Spring is upon us and with it thoughts of shorts — and swimsuits. If you feel unprepared for baring some skin, you’re not alone. Two out of three American adults are now overweight or obese, and the health effects are grim. And the typical prescriptions for losing weight aren’t much cheerier: eat less, exercise more, read labels, and the like. They’re all good advice, but they don’t inspire anyone because they sound like drudgery.
But what if you could trick yourself into losing weight? That’s a practical joke we’d all like to play on ourselves.
Ludwig notes that there has not yet been a long-term human study of diet drinks and body weight. “I have some potential concerns about the effect of diet drinks,” he says. Among other problems, artificial sweeteners may eventually sabotage weight loss by distorting the systems that keep our appetite and body weight in balance. “They may also change our taste preferences so that we seek highly sweet, processed foods and refuse to eat less sweet foods like fruits and vegetables.”
Although artificial sweeteners are safe, it doesn’t mean that they’re good for us. “Until we have more data, I don’t think we can comfortably recommend drinking a lot of diet drinks over the long term,” Ludwig says. Exercise is good for your heart, blood pressure, and mood, but when it comes to losing weight, cutting calories wins hands down. Exercise is important role to prevent regaining weight after you’ve lost those unwanted pounds.
It takes about 20 minutes for your brain to get the message that you’ve had enough to eat. If you race through your meal, you’ll chow down extra calories while your body is figuring out whether it’s still hungry.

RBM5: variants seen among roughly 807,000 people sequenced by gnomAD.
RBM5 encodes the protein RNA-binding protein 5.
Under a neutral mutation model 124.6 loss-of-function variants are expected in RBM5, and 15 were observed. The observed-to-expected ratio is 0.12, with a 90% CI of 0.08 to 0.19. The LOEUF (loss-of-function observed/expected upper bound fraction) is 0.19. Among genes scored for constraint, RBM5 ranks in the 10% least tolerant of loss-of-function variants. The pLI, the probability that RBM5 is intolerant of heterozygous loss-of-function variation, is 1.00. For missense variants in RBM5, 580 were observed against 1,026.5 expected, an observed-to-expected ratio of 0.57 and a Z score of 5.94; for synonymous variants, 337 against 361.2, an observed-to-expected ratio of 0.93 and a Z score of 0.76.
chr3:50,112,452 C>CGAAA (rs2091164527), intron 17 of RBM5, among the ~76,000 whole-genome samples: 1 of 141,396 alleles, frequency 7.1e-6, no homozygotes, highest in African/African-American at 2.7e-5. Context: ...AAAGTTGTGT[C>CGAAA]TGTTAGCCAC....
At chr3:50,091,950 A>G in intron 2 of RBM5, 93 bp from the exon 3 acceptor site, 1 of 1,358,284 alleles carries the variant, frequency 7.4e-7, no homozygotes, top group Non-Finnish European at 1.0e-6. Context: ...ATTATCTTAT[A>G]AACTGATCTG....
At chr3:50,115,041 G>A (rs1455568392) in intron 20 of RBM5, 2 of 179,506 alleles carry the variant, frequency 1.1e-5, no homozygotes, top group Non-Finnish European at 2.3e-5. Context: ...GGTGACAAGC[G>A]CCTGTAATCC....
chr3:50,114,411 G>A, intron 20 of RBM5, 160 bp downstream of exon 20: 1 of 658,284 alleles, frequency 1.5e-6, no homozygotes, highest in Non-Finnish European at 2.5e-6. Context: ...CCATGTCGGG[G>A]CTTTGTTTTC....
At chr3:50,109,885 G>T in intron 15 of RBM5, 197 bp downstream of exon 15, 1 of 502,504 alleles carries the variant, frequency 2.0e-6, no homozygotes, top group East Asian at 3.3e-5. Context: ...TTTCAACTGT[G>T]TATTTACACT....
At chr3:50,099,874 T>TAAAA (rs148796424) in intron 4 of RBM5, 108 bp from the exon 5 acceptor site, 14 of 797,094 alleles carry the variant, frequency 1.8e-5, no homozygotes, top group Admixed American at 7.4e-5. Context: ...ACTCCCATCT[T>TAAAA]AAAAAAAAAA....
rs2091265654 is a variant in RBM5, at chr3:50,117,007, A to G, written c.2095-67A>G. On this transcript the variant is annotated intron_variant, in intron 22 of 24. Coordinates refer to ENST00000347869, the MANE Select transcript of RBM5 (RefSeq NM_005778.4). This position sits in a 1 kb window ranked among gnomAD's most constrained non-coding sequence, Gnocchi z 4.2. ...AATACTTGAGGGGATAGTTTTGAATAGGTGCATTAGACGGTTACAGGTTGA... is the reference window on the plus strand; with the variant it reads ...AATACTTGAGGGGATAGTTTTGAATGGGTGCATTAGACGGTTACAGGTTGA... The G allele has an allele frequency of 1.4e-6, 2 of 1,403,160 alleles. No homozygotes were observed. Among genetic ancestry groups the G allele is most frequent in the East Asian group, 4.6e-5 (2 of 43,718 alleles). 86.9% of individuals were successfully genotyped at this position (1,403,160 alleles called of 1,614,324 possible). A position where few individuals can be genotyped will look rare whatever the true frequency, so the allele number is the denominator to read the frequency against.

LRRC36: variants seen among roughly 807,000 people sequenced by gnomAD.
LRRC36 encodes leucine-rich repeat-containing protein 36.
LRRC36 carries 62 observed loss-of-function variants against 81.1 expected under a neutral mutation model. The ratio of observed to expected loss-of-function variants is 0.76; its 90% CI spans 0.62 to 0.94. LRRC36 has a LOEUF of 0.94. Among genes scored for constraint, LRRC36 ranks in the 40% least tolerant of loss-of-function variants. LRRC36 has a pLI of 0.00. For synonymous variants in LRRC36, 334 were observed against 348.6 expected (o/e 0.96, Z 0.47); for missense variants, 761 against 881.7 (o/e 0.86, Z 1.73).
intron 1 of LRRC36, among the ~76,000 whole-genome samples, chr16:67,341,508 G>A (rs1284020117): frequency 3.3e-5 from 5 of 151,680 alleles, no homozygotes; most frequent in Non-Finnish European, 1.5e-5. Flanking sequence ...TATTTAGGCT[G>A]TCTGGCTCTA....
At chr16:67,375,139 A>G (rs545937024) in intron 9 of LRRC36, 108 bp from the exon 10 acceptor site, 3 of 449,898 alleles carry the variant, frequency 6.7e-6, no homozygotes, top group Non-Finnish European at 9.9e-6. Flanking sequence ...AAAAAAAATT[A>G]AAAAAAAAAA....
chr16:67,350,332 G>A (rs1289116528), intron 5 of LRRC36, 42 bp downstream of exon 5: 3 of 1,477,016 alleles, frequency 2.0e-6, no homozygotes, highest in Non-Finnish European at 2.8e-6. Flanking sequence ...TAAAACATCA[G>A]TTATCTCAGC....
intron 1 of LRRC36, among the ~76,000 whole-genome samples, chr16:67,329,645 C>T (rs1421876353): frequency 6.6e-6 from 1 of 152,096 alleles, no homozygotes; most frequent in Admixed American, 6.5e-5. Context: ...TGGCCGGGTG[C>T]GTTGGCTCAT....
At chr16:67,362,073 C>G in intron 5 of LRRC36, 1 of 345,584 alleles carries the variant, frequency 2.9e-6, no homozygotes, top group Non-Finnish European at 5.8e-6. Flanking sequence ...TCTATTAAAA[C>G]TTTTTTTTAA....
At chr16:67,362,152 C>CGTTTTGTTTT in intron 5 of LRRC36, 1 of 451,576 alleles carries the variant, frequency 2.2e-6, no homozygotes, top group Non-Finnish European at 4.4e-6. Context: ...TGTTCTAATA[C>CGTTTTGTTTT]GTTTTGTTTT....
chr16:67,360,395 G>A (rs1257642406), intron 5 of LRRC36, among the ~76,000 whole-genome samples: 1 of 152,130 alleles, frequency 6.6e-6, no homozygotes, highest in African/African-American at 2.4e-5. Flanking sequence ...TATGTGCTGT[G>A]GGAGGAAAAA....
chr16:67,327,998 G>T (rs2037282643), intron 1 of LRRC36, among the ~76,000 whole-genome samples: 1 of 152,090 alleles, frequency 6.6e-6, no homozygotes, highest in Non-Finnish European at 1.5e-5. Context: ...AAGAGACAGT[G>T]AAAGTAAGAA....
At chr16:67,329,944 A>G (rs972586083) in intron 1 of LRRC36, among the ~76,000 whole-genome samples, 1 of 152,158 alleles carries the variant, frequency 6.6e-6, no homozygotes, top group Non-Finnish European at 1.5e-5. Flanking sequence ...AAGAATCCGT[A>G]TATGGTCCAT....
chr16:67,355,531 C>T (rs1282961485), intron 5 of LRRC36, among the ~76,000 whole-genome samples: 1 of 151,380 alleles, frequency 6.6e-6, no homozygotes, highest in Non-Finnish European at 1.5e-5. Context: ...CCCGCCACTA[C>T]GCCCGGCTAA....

To slow down your eating pace, William Sears, M.D., author of Prime-Time Health, suggests using chopsticks instead of a fork. Not only will you most likely eat more slowly, you’ll also take smaller bites.
Chew on This
You’ll probably snack less if you chew gum more. When a group of men and women were offered lunch on two different days and later allowed as much snack food as they wanted, they shaved 40 calories from their afternoon treat on the day they chewed sugarless gum in the three hours between lunch and snack.
How Sweet It Isn’t
To save the calories packed in a can of sugar-sweetened soda, people often switch to diet soft drinks. But those drinks may be playing a trick on you: Some research suggests that quaffing diet drinks is linked with putting on weight. David Ludwig, M.D., of Harvard University recommends using diet drinks as a short-term transition from highly sugared beverages to minimally sweetened ones, such as a cup of coffee or tea with a teaspoon or two of sugar.
Play a Step Guessing Game
Slip on your sneakers and start walking—but first clip a pedometer to your waistband. This simple fitness tool can motivate people to walk more. “Men and women who wear a pedometer and keep track of how much they walk take an additional 2,000 steps each day,” says physiologist Barry Franklin of William Beaumont Hospital in Royal Oak, Mich. Most people believe they walk a great deal more than they do, so before you start, estimate your daily steps. Then use the pedometer and log your number in a notebook each evening. Work up to 10,000 steps each day, about five miles.
Life in the Big City
People who live in cities tend to weigh less than those in suburbs or the country. One reason, health experts say, is all the walking they do in their daily lives. So pretend like you’re a New Yorker—walk to the farmer’s market, stroll to the movie theater, take a stylish walk with the dog.
Nissa Simon writes about health issues and lives in New Haven, Conn.